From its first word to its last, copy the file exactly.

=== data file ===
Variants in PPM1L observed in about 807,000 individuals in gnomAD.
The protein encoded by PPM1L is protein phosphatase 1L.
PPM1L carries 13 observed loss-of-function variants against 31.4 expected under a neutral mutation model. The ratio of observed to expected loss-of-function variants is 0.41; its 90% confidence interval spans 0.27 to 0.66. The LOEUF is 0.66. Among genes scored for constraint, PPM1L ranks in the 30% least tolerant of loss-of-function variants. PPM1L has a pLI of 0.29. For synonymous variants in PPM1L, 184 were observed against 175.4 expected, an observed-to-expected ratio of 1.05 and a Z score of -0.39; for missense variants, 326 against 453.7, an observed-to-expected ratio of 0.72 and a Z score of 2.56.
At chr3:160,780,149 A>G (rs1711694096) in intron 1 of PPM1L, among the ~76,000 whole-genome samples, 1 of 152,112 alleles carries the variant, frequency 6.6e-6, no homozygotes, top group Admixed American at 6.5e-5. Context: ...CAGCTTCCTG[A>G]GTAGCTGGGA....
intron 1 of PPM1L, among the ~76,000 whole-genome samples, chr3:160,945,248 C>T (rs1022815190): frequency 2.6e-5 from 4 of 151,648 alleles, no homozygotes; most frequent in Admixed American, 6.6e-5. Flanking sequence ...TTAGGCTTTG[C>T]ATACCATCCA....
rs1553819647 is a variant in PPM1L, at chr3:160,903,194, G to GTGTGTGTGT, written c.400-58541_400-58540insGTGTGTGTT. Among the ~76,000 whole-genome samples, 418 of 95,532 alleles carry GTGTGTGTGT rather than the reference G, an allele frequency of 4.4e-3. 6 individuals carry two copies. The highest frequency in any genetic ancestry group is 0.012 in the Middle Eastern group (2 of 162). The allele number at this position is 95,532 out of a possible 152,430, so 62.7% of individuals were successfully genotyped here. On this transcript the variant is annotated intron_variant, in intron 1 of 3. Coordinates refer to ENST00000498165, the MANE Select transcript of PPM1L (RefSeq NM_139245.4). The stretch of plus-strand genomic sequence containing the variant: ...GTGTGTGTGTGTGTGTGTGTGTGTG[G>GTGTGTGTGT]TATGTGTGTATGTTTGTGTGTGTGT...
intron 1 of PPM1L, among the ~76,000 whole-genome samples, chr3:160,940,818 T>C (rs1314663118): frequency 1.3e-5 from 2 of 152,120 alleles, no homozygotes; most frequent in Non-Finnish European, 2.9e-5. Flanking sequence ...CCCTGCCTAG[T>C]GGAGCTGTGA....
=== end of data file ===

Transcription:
Variants in PPM1L observed in about 807,000 individuals in gnomAD.
The protein encoded by PPM1L is protein phosphatase 1L.
PPM1L carries 13 observed loss-of-function variants against 31.4 expected under a neutral mutation model. The ratio of observed to expected loss-of-function variants is 0.41; its 90% confidence interval spans 0.27 to 0.66. The LOEUF is 0.66. Among genes scored for constraint, PPM1L ranks in the 30% least tolerant of loss-of-function variants. PPM1L has a pLI of 0.29. For synonymous variants in PPM1L, 184 were observed against 175.4 expected, an observed-to-expected ratio of 1.05 and a Z score of -0.39; for missense variants, 326 against 453.7, an observed-to-expected ratio of 0.72 and a Z score of 2.56.
At chr3:160,780,149 A>G (rs1711694096) in intron 1 of PPM1L, among the ~76,000 whole-genome samples, 1 of 152,112 alleles carries the variant, frequency 6.6e-6, no homozygotes, top group Admixed American at 6.5e-5. Context: ...CAGCTTCCTG[A>G]GTAGCTGGGA....
intron 1 of PPM1L, among the ~76,000 whole-genome samples, chr3:160,945,248 C>T (rs1022815190): frequency 2.6e-5 from 4 of 151,648 alleles, no homozygotes; most frequent in Admixed American, 6.6e-5. Flanking sequence ...TTAGGCTTTG[C>T]ATACCATCCA....
rs1553819647 is a variant in PPM1L, at chr3:160,903,194, G to GTGTGTGTGT, written c.400-58541_400-58540insGTGTGTGTT. Among the ~76,000 whole-genome samples, 418 of 95,532 alleles carry GTGTGTGTGT rather than the reference G, an allele frequency of 4.4e-3. 6 individuals carry two copies. The highest frequency in any genetic ancestry group is 0.012 in the Middle Eastern group (2 of 162). The allele number at this position is 95,532 out of a possible 152,430, so 62.7% of individuals were successfully genotyped here. On this transcript the variant is annotated intron_variant, in intron 1 of 3. Coordinates refer to ENST00000498165, the MANE Select transcript of PPM1L (RefSeq NM_139245.4). The stretch of plus-strand genomic sequence containing the variant: ...GTGTGTGTGTGTGTGTGTGTGTGTG[G>GTGTGTGTGT]TATGTGTGTATGTTTGTGTGTGTGT...
intron 1 of PPM1L, among the ~76,000 whole-genome samples, chr3:160,940,818 T>C (rs1314663118): frequency 1.3e-5 from 2 of 152,120 alleles, no homozygotes; most frequent in Non-Finnish European, 2.9e-5. Flanking sequence ...CCCTGCCTAG[T>C]GGAGCTGTGA....